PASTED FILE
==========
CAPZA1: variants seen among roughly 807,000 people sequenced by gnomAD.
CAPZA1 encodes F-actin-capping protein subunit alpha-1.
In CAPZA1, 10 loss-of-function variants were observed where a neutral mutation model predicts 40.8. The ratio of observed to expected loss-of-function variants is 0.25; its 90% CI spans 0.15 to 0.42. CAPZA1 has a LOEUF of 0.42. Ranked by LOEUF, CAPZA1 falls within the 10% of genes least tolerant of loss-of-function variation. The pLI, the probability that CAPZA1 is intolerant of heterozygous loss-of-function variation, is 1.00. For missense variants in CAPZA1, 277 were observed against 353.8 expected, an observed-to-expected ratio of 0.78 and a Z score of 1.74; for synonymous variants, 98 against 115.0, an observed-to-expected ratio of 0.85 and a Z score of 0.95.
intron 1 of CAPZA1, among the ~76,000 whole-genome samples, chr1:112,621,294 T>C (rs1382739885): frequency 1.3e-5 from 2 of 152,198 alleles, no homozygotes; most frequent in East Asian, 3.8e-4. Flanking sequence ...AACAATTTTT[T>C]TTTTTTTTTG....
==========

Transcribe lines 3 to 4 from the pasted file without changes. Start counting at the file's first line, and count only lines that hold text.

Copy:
In CAPZA1, 10 loss-of-function variants were observed where a neutral mutation model predicts 40.8. The ratio of observed to expected loss-of-function variants is 0.25; its 90% CI spans 0.15 to 0.42. CAPZA1 has a LOEUF of 0.42. Ranked by LOEUF, CAPZA1 falls within the 10% of genes least tolerant of loss-of-function variation. The pLI, the probability that CAPZA1 is intolerant of heterozygous loss-of-function variation, is 1.00. For missense variants in CAPZA1, 277 were observed against 353.8 expected, an observed-to-expected ratio of 0.78 and a Z score of 1.74; for synonymous variants, 98 against 115.0, an observed-to-expected ratio of 0.85 and a Z score of 0.95.
intron 1 of CAPZA1, among the ~76,000 whole-genome samples, chr1:112,621,294 T>C (rs1382739885): frequency 1.3e-5 from 2 of 152,198 alleles, no homozygotes; most frequent in East Asian, 3.8e-4. Flanking sequence ...AACAATTTTT[T>C]TTTTTTTTTG....